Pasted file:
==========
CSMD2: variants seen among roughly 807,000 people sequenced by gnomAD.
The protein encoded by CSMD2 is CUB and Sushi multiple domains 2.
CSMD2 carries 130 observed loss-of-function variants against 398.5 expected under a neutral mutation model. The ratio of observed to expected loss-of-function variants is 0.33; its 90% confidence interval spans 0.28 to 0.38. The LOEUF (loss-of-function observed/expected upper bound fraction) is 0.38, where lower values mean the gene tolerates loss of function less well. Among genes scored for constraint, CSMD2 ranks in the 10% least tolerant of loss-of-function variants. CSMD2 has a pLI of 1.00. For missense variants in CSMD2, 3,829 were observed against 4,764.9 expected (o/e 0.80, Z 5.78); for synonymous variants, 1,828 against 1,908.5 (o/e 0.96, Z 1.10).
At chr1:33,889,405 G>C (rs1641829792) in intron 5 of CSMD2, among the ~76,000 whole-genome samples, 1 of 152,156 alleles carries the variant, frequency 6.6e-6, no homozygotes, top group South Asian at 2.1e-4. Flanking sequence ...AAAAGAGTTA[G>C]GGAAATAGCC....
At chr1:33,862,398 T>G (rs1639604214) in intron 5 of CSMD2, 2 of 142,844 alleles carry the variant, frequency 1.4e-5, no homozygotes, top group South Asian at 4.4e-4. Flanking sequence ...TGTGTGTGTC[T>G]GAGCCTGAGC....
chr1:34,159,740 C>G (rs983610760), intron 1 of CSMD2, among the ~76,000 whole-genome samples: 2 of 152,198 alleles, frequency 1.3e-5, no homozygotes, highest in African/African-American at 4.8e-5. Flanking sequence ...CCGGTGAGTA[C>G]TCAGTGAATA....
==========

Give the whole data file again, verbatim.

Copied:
CSMD2: variants seen among roughly 807,000 people sequenced by gnomAD.
The protein encoded by CSMD2 is CUB and Sushi multiple domains 2.
CSMD2 carries 130 observed loss-of-function variants against 398.5 expected under a neutral mutation model. The ratio of observed to expected loss-of-function variants is 0.33; its 90% confidence interval spans 0.28 to 0.38. The LOEUF (loss-of-function observed/expected upper bound fraction) is 0.38, where lower values mean the gene tolerates loss of function less well. Among genes scored for constraint, CSMD2 ranks in the 10% least tolerant of loss-of-function variants. CSMD2 has a pLI of 1.00. For missense variants in CSMD2, 3,829 were observed against 4,764.9 expected (o/e 0.80, Z 5.78); for synonymous variants, 1,828 against 1,908.5 (o/e 0.96, Z 1.10).
At chr1:33,889,405 G>C (rs1641829792) in intron 5 of CSMD2, among the ~76,000 whole-genome samples, 1 of 152,156 alleles carries the variant, frequency 6.6e-6, no homozygotes, top group South Asian at 2.1e-4. Flanking sequence ...AAAAGAGTTA[G>C]GGAAATAGCC....
At chr1:33,862,398 T>G (rs1639604214) in intron 5 of CSMD2, 2 of 142,844 alleles carry the variant, frequency 1.4e-5, no homozygotes, top group South Asian at 4.4e-4. Flanking sequence ...TGTGTGTGTC[T>G]GAGCCTGAGC....
chr1:34,159,740 C>G (rs983610760), intron 1 of CSMD2, among the ~76,000 whole-genome samples: 2 of 152,198 alleles, frequency 1.3e-5, no homozygotes, highest in African/African-American at 4.8e-5. Flanking sequence ...CCGGTGAGTA[C>G]TCAGTGAATA....